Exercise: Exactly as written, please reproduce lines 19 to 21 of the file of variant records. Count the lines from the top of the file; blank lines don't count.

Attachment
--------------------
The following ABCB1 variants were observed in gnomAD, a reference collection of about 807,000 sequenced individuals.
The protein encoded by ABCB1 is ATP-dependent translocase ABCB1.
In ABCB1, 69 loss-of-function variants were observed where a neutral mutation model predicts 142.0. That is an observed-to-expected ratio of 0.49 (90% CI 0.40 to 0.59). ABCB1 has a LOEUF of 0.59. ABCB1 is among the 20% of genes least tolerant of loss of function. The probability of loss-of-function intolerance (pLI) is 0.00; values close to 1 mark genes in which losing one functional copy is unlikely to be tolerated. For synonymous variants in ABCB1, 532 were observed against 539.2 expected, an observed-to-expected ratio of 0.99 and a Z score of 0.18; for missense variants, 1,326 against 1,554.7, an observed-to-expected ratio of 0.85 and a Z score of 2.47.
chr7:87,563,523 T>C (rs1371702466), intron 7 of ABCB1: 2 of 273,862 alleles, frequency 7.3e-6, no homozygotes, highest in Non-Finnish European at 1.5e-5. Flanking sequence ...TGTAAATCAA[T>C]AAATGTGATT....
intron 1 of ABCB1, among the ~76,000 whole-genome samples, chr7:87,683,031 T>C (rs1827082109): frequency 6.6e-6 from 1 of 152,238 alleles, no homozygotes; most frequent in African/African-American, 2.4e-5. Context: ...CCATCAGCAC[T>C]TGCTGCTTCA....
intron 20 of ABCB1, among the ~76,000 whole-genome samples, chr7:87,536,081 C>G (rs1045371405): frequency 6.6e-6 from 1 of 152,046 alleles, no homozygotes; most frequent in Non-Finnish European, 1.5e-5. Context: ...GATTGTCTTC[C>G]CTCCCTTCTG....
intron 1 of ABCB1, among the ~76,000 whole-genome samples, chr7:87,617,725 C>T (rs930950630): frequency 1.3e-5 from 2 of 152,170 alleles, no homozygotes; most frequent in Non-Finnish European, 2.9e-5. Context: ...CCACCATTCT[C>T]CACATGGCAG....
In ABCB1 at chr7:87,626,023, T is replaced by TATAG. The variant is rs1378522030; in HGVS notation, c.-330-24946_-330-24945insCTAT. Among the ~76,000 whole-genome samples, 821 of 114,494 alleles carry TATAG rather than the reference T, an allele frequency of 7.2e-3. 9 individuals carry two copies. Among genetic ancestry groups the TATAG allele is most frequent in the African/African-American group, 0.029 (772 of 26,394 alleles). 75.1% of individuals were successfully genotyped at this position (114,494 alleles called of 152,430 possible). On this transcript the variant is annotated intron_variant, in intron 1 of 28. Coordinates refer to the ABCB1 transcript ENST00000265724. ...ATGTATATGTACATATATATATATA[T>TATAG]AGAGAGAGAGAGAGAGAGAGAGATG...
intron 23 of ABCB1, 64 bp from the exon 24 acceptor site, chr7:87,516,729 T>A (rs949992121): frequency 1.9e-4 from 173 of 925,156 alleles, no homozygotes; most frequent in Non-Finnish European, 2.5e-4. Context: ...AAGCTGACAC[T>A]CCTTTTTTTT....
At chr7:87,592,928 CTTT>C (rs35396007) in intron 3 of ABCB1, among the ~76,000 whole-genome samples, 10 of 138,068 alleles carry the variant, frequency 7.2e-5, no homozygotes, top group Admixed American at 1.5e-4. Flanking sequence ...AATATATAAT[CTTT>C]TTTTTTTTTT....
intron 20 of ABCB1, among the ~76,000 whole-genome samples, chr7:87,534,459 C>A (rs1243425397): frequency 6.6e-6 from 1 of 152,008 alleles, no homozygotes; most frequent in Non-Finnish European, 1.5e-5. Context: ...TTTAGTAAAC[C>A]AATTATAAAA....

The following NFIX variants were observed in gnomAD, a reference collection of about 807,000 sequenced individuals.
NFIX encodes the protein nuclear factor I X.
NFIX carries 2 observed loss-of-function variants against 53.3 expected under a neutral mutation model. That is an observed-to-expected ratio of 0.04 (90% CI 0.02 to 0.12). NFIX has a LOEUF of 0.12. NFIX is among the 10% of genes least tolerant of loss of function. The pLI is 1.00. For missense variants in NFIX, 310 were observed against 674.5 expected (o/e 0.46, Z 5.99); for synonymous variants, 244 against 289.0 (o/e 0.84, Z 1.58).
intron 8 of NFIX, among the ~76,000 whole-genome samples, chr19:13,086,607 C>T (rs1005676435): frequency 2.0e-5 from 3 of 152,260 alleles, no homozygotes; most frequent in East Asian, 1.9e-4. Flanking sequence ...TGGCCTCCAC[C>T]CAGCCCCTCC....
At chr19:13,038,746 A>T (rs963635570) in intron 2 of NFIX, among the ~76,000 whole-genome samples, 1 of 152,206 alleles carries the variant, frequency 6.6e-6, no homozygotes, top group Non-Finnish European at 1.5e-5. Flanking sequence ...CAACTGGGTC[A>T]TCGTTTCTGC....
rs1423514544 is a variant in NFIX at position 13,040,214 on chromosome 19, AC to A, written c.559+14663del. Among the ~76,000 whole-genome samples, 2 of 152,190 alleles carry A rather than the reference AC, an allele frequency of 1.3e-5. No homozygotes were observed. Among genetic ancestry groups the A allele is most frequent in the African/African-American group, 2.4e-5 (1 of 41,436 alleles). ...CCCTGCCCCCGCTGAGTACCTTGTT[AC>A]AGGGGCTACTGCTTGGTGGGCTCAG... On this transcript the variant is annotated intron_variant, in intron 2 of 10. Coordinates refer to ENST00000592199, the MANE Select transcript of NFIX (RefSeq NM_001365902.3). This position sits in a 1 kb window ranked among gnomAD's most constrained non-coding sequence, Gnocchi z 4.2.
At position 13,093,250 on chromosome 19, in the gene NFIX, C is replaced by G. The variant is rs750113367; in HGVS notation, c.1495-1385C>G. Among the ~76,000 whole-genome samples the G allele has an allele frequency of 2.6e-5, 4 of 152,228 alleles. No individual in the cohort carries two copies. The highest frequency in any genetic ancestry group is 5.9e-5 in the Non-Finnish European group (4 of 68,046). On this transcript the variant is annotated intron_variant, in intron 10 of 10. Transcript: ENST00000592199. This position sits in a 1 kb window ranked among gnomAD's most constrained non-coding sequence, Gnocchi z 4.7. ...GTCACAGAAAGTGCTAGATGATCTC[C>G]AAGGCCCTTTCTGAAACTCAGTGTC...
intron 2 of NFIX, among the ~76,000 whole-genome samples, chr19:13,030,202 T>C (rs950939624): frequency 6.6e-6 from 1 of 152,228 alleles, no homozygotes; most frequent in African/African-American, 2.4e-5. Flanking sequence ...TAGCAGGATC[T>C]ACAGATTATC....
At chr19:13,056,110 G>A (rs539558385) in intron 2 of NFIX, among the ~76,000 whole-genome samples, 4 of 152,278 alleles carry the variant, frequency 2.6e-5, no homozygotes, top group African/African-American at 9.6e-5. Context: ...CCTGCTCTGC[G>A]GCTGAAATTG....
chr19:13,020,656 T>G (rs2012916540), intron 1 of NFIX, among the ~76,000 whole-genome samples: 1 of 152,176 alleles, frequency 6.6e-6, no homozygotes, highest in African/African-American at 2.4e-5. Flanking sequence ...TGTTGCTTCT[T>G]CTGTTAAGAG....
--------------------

intron 2 of NFIX, among the ~76,000 whole-genome samples, chr19:13,030,202 T>C (rs950939624): frequency 6.6e-6 from 1 of 152,228 alleles, no homozygotes; most frequent in African/African-American, 2.4e-5. Flanking sequence ...TAGCAGGATC[T>C]ACAGATTATC....
At chr19:13,056,110 G>A (rs539558385) in intron 2 of NFIX, among the ~76,000 whole-genome samples, 4 of 152,278 alleles carry the variant, frequency 2.6e-5, no homozygotes, top group African/African-American at 9.6e-5. Context: ...CCTGCTCTGC[G>A]GCTGAAATTG....
chr19:13,020,656 T>G (rs2012916540), intron 1 of NFIX, among the ~76,000 whole-genome samples: 1 of 152,176 alleles, frequency 6.6e-6, no homozygotes, highest in African/African-American at 2.4e-5. Flanking sequence ...TGTTGCTTCT[T>G]CTGTTAAGAG....